this concept, i believe, is the basis of jamey johnson's classic album of 2008, that lonesome song, which weaves a similar whole-album spell, but which is overall better than the coe. johnson relies on a very basic waylon-style thump to underpin everything and unfolds a series of really excellent songs. but really it's a tribute to coe and even has a song in precisely his manner, "somewhere between jennings and jones".
johnson is also, like coe, a songwriter of great gimmickry, though he's no doubt laying in bed right now in some hotel regretting like always that coe already wrote "take this job and shove it". but for god's sake, johnson wrote "honky-tonk badononkadonk": truly an or the epic of our time.
[i've got something to say is probably the worst title for an album ever (but cf. elton, "sad songs say so much"), and also it might actually be the worst album.]
Rosanne Cash's newest release,The River and the Thread approaches masterpiece status. I know I included it on my latest list of albums I'd like to take to the other side...one of the troubling things for a lot of us is that we realize the South in a lot of ways represents the American Id and as such is part of all of us. We have to find out how to deal with it before the Id slaughters us all -- is it the food, water, reliance on religion, in-breeding or what the hell is going on there? Who wants iced tea so sweet and treacly it rots your teeth as you chew it? Who has NASCAR drivers tatooed on their private parts? Who would elect Ted Cruz, Mitch McConnell and the newest dingbat who things homosexuals should be purged from the Republican party?
45 years later, I see that this matches the brilliance of "Ode to Billy Joe..." The album cover was a picture taken by Rosanne's husband and music director John Leventhal standing behind her looking down at the Tallahatchee River from the Tallahatchee bridge.
from a review by martin pugh of the fateful year: england 1914 by mark bostridge, tls january 24: "Conversely, as Mark Bostridge shows in this enjoyable tour d'horizon of the year 1914, some things were very different."
continuing vinyl exhumation: a major way i consumed blues in the '70s was the chess "blues masters" series, one-artist, two-lp sets which i played to over and over on harmonica, of muddy waters, howlin' wolf, sonny boy williamson, little walter, and others, from the 50s and 60s. they were beautifully selected, like perfect; i'm not sure who was doing the assembling; for all i know it was willie dixon.
the one i'm listening to right now is lowell fulson: "took a long time" or hung down head' or the whole thing, really these recordings lurk in the background of many waves of hip west coast and texas blues down the generations, but are still underheard. he has some of the swingingest little jump bands you can imagine: just great rhythm sections, hot little r&b horns, etc. it's not like the chicago stuff, which is still an electrification of an acoustic form: it's fully glitter tuxedoes and electric gitfiddles. lowell isn't some kind of virtuoso on the guitar: he just swings the fuck out of the blues.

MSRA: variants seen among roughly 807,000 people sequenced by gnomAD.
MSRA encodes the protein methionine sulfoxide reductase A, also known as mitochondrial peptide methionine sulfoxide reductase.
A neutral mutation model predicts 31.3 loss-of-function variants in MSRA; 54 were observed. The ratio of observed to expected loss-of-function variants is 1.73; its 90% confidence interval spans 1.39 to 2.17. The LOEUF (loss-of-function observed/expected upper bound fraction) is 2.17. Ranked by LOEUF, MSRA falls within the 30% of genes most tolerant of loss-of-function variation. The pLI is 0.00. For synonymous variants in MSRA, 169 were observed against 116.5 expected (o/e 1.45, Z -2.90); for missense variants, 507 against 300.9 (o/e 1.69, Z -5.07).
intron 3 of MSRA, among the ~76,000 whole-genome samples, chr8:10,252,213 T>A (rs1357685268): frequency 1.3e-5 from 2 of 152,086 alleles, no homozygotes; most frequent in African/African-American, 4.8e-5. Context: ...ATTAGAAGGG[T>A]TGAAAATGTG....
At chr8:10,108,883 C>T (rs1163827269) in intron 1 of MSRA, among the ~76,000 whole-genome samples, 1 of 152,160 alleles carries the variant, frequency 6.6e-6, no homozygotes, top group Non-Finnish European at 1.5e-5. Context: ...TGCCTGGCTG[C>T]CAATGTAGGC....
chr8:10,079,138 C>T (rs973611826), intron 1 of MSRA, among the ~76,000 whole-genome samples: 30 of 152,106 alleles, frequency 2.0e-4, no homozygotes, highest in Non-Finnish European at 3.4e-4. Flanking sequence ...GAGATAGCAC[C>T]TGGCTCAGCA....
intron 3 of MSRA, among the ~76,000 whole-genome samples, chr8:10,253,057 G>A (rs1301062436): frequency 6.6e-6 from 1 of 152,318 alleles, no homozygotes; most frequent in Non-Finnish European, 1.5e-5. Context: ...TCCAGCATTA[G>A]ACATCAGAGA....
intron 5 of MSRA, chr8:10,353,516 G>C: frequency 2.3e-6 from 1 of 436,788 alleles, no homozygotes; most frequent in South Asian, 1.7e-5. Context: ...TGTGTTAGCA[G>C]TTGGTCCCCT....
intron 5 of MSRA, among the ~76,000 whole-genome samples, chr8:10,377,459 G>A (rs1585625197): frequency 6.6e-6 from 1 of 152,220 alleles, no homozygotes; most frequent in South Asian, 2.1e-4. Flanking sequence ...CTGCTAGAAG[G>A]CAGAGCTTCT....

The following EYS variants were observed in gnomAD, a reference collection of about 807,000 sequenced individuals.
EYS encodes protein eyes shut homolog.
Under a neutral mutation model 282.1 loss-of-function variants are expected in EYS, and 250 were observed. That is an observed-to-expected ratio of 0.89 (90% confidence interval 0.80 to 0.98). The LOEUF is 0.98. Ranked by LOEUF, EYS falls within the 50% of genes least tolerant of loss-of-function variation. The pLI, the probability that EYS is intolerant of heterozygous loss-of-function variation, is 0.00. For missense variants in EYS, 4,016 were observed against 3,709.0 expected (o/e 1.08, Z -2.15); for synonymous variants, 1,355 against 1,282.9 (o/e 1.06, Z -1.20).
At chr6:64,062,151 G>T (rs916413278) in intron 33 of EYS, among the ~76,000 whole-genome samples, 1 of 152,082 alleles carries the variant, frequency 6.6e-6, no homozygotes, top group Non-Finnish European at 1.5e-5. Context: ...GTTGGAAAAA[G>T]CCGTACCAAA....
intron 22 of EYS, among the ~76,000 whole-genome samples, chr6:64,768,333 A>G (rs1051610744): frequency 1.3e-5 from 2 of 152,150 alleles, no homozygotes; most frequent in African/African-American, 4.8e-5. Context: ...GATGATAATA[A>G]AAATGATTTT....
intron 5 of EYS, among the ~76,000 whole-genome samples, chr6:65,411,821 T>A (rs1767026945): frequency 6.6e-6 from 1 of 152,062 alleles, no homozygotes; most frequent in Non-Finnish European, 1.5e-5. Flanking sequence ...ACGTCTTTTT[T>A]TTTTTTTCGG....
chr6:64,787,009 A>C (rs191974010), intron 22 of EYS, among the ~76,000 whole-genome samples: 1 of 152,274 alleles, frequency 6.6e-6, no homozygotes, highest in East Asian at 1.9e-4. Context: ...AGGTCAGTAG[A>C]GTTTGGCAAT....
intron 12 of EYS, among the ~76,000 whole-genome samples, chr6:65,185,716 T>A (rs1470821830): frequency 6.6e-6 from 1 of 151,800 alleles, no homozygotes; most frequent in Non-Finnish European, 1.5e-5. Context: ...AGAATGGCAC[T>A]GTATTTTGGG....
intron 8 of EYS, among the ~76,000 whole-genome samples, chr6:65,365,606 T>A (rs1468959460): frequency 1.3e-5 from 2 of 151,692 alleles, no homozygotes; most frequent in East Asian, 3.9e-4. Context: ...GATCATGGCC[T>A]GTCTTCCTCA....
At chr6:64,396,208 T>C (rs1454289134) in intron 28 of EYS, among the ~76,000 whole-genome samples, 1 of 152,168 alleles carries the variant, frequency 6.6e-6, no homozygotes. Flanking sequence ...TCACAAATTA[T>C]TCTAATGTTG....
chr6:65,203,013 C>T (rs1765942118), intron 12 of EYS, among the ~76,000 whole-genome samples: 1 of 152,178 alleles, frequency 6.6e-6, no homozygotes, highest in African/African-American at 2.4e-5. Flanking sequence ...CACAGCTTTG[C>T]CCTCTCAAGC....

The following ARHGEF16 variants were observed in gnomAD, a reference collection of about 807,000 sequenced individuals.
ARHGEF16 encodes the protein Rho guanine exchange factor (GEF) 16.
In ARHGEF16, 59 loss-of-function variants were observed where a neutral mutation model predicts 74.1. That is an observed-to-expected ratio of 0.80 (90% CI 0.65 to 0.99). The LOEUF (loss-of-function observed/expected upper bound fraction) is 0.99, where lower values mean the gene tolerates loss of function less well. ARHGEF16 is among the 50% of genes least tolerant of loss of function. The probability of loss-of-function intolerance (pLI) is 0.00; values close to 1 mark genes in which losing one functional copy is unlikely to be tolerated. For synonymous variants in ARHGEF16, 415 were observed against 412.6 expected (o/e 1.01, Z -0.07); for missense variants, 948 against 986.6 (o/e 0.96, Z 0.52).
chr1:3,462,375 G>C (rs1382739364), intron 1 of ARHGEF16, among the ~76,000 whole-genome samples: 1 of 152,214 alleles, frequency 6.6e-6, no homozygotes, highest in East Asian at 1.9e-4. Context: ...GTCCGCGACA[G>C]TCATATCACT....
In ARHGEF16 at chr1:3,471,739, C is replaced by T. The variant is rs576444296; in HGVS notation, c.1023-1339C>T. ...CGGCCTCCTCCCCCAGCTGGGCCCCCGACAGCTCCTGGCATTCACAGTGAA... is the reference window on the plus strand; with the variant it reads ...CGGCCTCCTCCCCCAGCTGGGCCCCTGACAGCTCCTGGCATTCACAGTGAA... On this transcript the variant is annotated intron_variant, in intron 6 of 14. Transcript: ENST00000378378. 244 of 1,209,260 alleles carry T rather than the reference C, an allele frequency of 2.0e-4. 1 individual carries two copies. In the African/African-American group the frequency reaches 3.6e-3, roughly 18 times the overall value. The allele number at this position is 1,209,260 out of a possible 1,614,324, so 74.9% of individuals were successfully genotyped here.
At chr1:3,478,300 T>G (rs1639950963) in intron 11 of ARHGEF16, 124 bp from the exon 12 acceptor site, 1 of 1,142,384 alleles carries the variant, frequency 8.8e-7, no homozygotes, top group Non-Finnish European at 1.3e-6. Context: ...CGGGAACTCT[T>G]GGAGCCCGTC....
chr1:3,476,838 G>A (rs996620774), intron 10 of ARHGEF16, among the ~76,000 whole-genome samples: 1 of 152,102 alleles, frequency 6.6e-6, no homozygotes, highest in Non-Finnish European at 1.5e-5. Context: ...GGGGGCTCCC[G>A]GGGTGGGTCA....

sorry for slow bloggin, been doin this and that. i recently hooked up a turntable, and am turning back to my ancient lps. allow me to say that i am actually in favor of digital sound, alright? surface sounds on vinyl might have a retro charm or whatever, but they also grew worse on your favorite albums until they were distracting. i actually think that the average mp3 sounds much better - clearer and more transparent - than the average lp. of course vinyl can have irremediable skips and pops; many of my old things do. now, when people describe vinyl as a richer or a warmer sound, when they describe all the lost microtones or whatever they do, i do not dismiss what they say. however, i must also remark that these are somewhat elusive in my actual audible experience.
at any rate i am digging through. one resuscitation: toots and the maytals' knock out!, which i beieve was my record of the year for the baltimore city paper in '81. however, it's not on itunes and it's not all on youtube. everyone listens to funky kingston and reggae got soul, of course, and many people know that he goes back all the way to the dawn of jamaican recorded music. all the ska and rock steady stuff is amazing and fundamental, and he is a figure comparable to marley. toots hibbert is a very great singer. (also he is a christian anti-rasta, which he prosecutes on "careless ethiopians" on knock out!.)
obviously toots himself as well as anybody who ever wrote about him places him at the intersection of reggae and soul, but reggae has always been intertwined with soul; well, especially rock steady. but toots is an otis redding/wilson pickett-type, paradigmatic, baptist-church shouter. better recognize, though: he started recording before they did, but obviously he also listened to them when they came.
so there are a bunch of good songs on knock out!; it's a fully coherent record by a master at the height of his abilities. and i'm going to say that "missing you", which i really can't find to show you here, may be the single greatest recorded performance of his career: it is transcendent. it's a full-on soul arrangement, with black-girl back-up singers, full horn chart, etc.; he's definitely taken on al green or that hi records thing by '81. it's also a great composition, building in quite a complex structure, and he doesn't sound like anyone other than himself, finally. i say 'recorded performance' because as anyone who saw toots in the '70s will tell you, he killed live every damn night. ok ok! he sounds good on vinyl.
that one, which is on knock out!, as you might notice, has a pedal steel going, and actually when i was going to jamaica, jamaican christaians were always asking me to bring down country cds; they love that shit. for that matter, the man can yodel.
It always bothers me when progressives and liberals say stuff that is incredibly stupid or just knee-jerk reaction to some stimulous. There is a problem among true believers that is relevant largely to true believers...anyone who has not confused themselves with God can usually sense the absurdity of their silliness and maybe even stop...
So, if you want to check out some music and read my argument, visit the link. Links posted in this one are all to music. Dylan has published enough stuff and had enough of it bootlegged to guarantee some decent stuff. Comments are always welcome. Cripsin will undoubtedly explain why he thinks Dylan less of a figure than Blondel the Troubador or Blind Lemon Jefferson, and that's ok.